Google Goes to War: CEO Outlines Generative AI StrategyGoogle Goes to War: CEO Outlines Generative AI Strategy
UBS analysts ask: Will ChatGPT really hurt Google?
February 3, 2023
At a Glance
- Google counters Microsoft's moves with plans to add generative AI to its products.
- Google will make its large language models available to the public in 'weeks and months.'
- UBS thinks the threat of ChatGPT is "a big deal for search."
ChatGPT has thrown down the proverbial gauntlet, and Google has accepted the challenge, marshalled its troops and is ready to go to war.
AI is at an “inflection point,” said Alphabet CEO Sundar Pichai during the company’s Q4 earnings call. “We have been preparing for this moment since early last year, and you’re going to see a lot from us in the coming months.”
Notably, DeepMind, the famed Google unit doing AI research, is getting deeply embedded across the parent company. Pichai said funding for the AI division will be incorporated into Alphabet’s overall corporate costs instead of siloed into the company’s “Other Bets” financial reporting category.
Pichai outlined major steps Google will be taking that reflects the strategies of Microsoft and ChatGPT-creator OpenAI in generative AI.
First, Google will make its large language models (LLM) − LaMDA and PaLM – available to the public in the coming “weeks and months,” starting with LaMDA. The search giant will use the release to gather feedback from users, continue to test the models and also “safely improve” them, Pichai said.
Also, users will be able to interact “directly” with these large language models “as a companion to Search” in “experimental and innovative" ways, the CEO said, without adding any details. Google will provide new tools and APIs to developers on top of its language, multimodal and other AI models.
“Now that we can integrate more direct LLM-type experiences in Search, I think it will help us expand and serve new types of use cases, generative use cases,” Pichai told analysts. “I see this as a chance to rethink and reimagine and drive Search to solve more use cases for our users as well.”
OpenAI launched ChatGPT last November and has been gathering user feedback. Microsoft, a major investor in OpenAI, plans to incorporate ChatGPT to its Bing search engine.
But Pichai noted a key difference with its language models: They will have “up-to-date and more factual information,” he said. ChatGPT is trained on information up to 2021 and its answers are limited to this timeframe.
Pichai also said Google will bring large language models into Gmail and Docs functionality, as well as other generative capabilities to design, among others. Microsoft already said it would bring generative AI capabilities to all its products including Office.
Soon, users will be able to use these language models along with Google Search. Pichai said Search already has been updated to enable multimodal search, meaning searching with text and images at once.
Google Cloud is bringing the company’s broad AI capabilities to cloud customers via its Cloud AI platform, including infrastructure and tools for developers and data scientists such as Vertex AI. It will expand the number of sectors for which it will offer AI solutions. Google Cloud currently has bespoke solutions for manufacturing, life sciences, retail and others.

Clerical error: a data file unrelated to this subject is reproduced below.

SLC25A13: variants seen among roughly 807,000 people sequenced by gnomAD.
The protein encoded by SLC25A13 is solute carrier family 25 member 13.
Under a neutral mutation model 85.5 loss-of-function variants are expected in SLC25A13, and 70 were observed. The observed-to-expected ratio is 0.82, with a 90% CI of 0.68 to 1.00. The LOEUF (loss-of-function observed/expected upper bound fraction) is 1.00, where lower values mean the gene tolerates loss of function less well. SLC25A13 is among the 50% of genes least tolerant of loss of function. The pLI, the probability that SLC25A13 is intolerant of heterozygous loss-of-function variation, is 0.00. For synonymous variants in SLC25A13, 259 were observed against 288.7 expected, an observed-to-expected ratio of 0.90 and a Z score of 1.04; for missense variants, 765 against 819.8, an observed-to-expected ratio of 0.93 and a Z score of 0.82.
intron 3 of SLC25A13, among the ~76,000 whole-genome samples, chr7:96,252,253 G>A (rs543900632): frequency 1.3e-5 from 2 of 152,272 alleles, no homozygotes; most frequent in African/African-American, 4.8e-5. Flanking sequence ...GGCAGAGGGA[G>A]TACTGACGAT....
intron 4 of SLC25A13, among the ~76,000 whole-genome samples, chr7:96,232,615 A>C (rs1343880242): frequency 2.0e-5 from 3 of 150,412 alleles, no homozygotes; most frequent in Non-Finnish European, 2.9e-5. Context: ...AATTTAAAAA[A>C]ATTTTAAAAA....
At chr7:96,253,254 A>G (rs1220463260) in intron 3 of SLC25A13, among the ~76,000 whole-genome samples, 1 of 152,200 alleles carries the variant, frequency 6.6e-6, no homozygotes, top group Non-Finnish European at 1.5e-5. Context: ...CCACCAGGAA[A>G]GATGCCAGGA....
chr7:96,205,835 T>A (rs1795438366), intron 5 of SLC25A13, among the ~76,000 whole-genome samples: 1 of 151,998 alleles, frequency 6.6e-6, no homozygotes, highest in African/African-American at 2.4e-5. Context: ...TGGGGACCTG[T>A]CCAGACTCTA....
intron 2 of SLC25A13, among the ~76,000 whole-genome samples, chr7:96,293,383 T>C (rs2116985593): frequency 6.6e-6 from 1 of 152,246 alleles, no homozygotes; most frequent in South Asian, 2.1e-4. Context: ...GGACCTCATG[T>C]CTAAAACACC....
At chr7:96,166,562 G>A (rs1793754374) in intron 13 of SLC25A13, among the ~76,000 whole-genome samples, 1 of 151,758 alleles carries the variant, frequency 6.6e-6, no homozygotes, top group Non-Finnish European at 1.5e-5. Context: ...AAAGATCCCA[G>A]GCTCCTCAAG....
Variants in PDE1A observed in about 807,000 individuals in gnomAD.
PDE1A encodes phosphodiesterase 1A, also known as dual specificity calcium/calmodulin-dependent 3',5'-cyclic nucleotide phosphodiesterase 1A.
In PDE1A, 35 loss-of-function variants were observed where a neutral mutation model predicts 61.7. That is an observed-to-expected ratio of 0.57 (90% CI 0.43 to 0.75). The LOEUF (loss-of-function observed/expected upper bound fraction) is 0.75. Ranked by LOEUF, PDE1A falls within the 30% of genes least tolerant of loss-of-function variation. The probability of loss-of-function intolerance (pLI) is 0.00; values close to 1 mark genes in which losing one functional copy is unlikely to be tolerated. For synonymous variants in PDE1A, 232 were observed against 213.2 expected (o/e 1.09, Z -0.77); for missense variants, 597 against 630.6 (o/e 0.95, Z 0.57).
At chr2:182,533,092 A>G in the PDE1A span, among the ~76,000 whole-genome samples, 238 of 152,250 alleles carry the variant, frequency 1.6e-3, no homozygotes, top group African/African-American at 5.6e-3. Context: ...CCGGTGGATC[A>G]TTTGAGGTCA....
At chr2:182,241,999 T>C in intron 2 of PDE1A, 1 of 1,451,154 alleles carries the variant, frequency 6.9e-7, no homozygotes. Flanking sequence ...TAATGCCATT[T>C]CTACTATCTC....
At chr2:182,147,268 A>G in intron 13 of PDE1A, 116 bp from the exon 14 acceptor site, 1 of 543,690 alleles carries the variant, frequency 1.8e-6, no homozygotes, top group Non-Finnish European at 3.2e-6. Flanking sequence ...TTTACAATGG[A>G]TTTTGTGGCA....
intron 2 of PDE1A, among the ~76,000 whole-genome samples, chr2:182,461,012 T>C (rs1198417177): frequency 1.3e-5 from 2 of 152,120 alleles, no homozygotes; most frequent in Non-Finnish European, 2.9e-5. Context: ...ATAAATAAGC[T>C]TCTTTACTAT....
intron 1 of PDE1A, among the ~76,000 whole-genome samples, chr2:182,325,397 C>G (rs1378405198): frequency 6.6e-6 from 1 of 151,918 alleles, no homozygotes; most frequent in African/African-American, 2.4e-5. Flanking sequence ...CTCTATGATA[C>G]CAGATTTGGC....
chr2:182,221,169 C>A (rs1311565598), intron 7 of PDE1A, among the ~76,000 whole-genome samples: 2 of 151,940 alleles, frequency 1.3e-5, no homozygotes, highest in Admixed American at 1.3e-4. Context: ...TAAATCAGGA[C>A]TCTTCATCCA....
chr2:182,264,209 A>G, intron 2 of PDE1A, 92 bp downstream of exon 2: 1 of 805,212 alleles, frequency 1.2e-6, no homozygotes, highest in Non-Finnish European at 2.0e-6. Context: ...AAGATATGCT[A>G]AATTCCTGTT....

Underpinning all these efforts is Google’s “sharpened focus,” Pichai said. “We are going to be bold, responsible and focused” as the company moves into an “era of amazing opportunities.”
UBS analysts’ view
“The sleeping giant that is Google appears to be waking up, liberalizing its internal reviews and cutting red tape to accelerate product releases,” wrote UBS analysts in a research report shared with AI Business.
They said Google’s fear of damaging its reputation – given Meta’s botched rollout of Galactica – and legal punishments that could arise have stopped Google from being as “nimble” as OpenAI and other startups.
But now it is finally acting more boldly. The threat of ChatGPT is “a big deal for search,” the analysts said. They do not foresee “the end of Google” but even minor changes in the competitive landscape could hurt its stock.
Google has some key advantages, however, with a chatbot that can connect to Google Search and real-time data, they said. Adding a source-citing feature to the chatbot would also minimize the risk of errors, misinformation or copyrighted violations. (ChatGPT does not show users where or how it gets its information.)
But integrating a ChatGPT-like function into Google Search “will be an order of magnitude higher cost to service – it could be nine to 10 cents per query, vs. current Google search query cost of less than 1 cent per query,” according to the UBS research report.
Moreover, it is much harder to serve to users in real time, which ChatGPT is doing. “OpenAI has been able to batch user queries for ChatGPT vs. running one query at a time. This means the cost goes down at a multiple of the number of requests ran at one time,” according to the report.
Here are key takeaways from UBS’ channel checks of generative AI:
The market opportunity here is significant and still largely undeveloped. (UBS calculated potential usage from around one billion knowledge workers globally.)
Google is producing industry-leading generative AI technology.
OpenAI does stand to benefit from its first-mover status, getting and incorporating user feedback into its model.
The cost of integrating generative AI into search results is expensive, though costs will likely come down fairly quickly.
Google has some cost advantages with its TPU chips and running more niche smaller sized models is another way to potentially cut the costs.
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